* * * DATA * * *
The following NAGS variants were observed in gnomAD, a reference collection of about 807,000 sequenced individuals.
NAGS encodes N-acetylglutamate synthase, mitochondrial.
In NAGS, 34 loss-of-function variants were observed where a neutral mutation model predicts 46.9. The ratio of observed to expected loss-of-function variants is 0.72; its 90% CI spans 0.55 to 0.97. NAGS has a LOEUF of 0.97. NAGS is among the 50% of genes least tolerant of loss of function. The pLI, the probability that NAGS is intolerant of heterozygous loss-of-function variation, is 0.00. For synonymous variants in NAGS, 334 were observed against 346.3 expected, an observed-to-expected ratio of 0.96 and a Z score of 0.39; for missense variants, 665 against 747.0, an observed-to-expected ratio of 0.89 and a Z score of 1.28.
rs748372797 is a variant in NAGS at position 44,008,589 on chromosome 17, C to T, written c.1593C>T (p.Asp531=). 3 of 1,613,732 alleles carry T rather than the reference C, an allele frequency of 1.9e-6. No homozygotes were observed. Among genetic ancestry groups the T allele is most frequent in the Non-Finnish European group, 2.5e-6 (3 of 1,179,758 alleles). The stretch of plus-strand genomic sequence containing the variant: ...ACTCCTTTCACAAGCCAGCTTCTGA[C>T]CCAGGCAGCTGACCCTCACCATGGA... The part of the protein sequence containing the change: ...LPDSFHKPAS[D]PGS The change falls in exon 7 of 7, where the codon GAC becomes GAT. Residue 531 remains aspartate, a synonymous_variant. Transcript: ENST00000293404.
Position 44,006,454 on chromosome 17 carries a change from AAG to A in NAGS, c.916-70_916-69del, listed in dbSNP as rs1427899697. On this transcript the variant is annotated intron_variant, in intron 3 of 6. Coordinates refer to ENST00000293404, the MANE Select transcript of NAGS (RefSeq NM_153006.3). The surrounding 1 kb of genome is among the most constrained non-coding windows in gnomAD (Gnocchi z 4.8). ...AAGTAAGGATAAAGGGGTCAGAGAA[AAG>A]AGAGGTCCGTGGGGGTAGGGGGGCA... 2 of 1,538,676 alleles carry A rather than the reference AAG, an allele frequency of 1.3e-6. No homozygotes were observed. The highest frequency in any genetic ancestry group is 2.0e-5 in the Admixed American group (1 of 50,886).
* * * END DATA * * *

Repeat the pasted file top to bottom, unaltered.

The following NAGS variants were observed in gnomAD, a reference collection of about 807,000 sequenced individuals.
NAGS encodes N-acetylglutamate synthase, mitochondrial.
In NAGS, 34 loss-of-function variants were observed where a neutral mutation model predicts 46.9. The ratio of observed to expected loss-of-function variants is 0.72; its 90% CI spans 0.55 to 0.97. NAGS has a LOEUF of 0.97. NAGS is among the 50% of genes least tolerant of loss of function. The pLI, the probability that NAGS is intolerant of heterozygous loss-of-function variation, is 0.00. For synonymous variants in NAGS, 334 were observed against 346.3 expected, an observed-to-expected ratio of 0.96 and a Z score of 0.39; for missense variants, 665 against 747.0, an observed-to-expected ratio of 0.89 and a Z score of 1.28.
rs748372797 is a variant in NAGS at position 44,008,589 on chromosome 17, C to T, written c.1593C>T (p.Asp531=). 3 of 1,613,732 alleles carry T rather than the reference C, an allele frequency of 1.9e-6. No homozygotes were observed. Among genetic ancestry groups the T allele is most frequent in the Non-Finnish European group, 2.5e-6 (3 of 1,179,758 alleles). The stretch of plus-strand genomic sequence containing the variant: ...ACTCCTTTCACAAGCCAGCTTCTGA[C>T]CCAGGCAGCTGACCCTCACCATGGA... The part of the protein sequence containing the change: ...LPDSFHKPAS[D]PGS The change falls in exon 7 of 7, where the codon GAC becomes GAT. Residue 531 remains aspartate, a synonymous_variant. Transcript: ENST00000293404.
Position 44,006,454 on chromosome 17 carries a change from AAG to A in NAGS, c.916-70_916-69del, listed in dbSNP as rs1427899697. On this transcript the variant is annotated intron_variant, in intron 3 of 6. Coordinates refer to ENST00000293404, the MANE Select transcript of NAGS (RefSeq NM_153006.3). The surrounding 1 kb of genome is among the most constrained non-coding windows in gnomAD (Gnocchi z 4.8). ...AAGTAAGGATAAAGGGGTCAGAGAA[AAG>A]AGAGGTCCGTGGGGGTAGGGGGGCA... 2 of 1,538,676 alleles carry A rather than the reference AAG, an allele frequency of 1.3e-6. No homozygotes were observed. The highest frequency in any genetic ancestry group is 2.0e-5 in the Admixed American group (1 of 50,886).